By cutting off the supply of oil and gas to Europe, where 40% of its energy needs are sourced from Russia, and demanding transactions to be settled in rubles, gold, or other non-dollar assets, Russia has triggered significant disruptions in price and supply in Western markets. This development poses a threat to the established monetary system, the petrodollar. But how does a country, such as Russia, exit from this system without the West calling it an act of war?
Russia understood from the onset that they were involved in economic warfare manifesting in bombs and artilleries. Over the years, Russia together with China have been exploring strategies to re-establish the value of gold and seek alternatives to the SWIFT system. They believe that this would prevent the further strengthening of the US dollar and the subsequent empowerment of the US as the primary owner of the greenback.Most SWIFT transactions are settled in US dollars, which simply helps solidify the dollar as the global reserve currency.
What if the US and EU remove Russia from SWIFT? Would it harm the Russian economy? Initially, yes. However, Russia and China may actually desire Russia’s expulsion, as they have been developing their own messaging system called SPFS (System for Transfer of Financial Messages) since 2014 when the US threatened to disconnect Russia from SWIFT. Moreover, there are plans to integrate SPFS with China’s CIPS (Cross-Border Interbank Payment System).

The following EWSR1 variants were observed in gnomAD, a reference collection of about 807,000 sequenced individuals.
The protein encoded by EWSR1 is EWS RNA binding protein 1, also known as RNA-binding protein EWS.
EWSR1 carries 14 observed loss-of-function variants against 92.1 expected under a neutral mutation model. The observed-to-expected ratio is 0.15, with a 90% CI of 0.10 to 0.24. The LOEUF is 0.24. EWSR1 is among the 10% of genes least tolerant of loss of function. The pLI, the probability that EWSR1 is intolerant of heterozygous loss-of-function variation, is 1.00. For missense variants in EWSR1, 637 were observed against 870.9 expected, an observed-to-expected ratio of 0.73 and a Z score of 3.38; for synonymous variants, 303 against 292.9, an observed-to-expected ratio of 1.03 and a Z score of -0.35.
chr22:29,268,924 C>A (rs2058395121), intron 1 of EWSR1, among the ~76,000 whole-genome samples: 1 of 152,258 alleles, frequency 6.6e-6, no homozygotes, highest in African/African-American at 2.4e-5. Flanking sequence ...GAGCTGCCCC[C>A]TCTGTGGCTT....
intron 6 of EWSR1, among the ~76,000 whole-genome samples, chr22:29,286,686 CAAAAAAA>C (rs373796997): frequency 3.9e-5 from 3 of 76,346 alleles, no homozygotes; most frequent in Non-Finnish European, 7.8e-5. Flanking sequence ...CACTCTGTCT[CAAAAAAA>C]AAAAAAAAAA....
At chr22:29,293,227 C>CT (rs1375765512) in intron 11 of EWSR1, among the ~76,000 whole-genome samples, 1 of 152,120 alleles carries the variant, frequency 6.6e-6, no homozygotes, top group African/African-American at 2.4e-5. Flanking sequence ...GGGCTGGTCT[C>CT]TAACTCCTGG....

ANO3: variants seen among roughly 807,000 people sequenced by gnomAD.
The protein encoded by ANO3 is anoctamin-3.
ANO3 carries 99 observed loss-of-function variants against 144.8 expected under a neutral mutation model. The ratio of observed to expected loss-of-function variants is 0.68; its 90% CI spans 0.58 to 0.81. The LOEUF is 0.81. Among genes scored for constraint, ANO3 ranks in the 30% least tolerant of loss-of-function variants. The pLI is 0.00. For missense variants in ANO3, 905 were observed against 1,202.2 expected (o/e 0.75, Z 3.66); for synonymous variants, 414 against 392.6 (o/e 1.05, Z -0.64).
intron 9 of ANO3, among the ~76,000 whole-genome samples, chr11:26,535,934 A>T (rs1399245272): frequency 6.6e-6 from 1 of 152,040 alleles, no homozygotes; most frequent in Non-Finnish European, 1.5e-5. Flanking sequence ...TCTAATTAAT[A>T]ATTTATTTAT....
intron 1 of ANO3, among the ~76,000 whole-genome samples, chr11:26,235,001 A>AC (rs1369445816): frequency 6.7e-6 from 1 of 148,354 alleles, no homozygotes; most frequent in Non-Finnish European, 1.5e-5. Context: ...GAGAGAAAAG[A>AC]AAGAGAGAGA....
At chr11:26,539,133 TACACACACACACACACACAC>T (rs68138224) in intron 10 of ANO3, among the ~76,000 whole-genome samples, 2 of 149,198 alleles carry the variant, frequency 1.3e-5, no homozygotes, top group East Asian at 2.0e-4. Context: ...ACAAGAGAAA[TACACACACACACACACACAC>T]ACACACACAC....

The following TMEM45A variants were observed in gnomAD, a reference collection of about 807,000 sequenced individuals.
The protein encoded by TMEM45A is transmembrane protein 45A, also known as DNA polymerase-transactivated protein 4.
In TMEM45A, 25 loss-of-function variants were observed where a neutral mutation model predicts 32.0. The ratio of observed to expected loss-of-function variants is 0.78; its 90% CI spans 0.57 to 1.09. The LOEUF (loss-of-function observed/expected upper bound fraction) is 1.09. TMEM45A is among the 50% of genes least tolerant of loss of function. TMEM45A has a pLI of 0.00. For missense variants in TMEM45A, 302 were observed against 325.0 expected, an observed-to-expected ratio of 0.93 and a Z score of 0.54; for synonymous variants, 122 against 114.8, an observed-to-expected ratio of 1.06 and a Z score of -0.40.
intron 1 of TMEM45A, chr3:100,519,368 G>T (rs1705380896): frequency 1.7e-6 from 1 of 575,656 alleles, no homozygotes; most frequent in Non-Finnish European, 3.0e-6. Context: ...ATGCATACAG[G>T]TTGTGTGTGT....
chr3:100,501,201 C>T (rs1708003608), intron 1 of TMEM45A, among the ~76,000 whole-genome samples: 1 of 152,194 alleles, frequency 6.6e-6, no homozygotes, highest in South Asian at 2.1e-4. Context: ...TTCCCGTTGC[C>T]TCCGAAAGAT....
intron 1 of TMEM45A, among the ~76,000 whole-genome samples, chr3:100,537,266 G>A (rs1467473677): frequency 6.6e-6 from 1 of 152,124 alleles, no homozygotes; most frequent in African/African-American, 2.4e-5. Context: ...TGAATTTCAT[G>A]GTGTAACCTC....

Perhaps it is time to consider the implications of excluding Russia from SWIFT and how would this impact both the US and Europe. If Russia and China establish an alternative system to rival SWIFT, it would create a competing currency system that weakens the US dollar. Additionally, with Russia as the second-largest energy exporter and China as the largest exporter of manufactured goods, they could easily gain support from partners in Africa and Latin America, putting Europe and the US at a disadvantage.
The Petrodollar system, which settled oil trades in US dollars for decades, enabled the rise of influential Middle Eastern countries like Saudi Arabia, UAE, and Qatar. If Russia and China collaborate, they can bypass the need for dollars in oil settlements, potentially dismantling these oil-funded powers. However, these countries have expressed an intention of joining BRICS themselves and continue to display a noticeable indifference towards their long-standing ally, the United States.
Despite the US being their primary supporter for the past five decades, both countries have declined to increase oil production. Moreover, Washington has taken note of the Saudi and UAE leaders’ avoidance of phone calls from President Joe Biden, which is seen as a clear signal the tides of change are upon us. Notably, the UAE went as far as abstaining from the UN vote on Ukraine. Beijing recently brokered a deal to restore relations between sworn enemies Saudi Arabia and Iran. This deal facilitated the “reordering of the usual alliances and rivalries,” with the US left on the sidelines.
South Africa has to contend with the global political landscape that is increasingly difficult to navigate. The decision of sticking with the new powers is not limited to historical events, as it is often argued. But the current realities determine the country’s foreign policy imperatives and economic desires. The alignment means a “second independence” from the clutches of Western powers that have forever mismanaged the economic and political relations with their former colonies. Whether the foreign policy choices are wrong or right for South Africa, the West knows what it did last summer.
Siya yi banga le economy!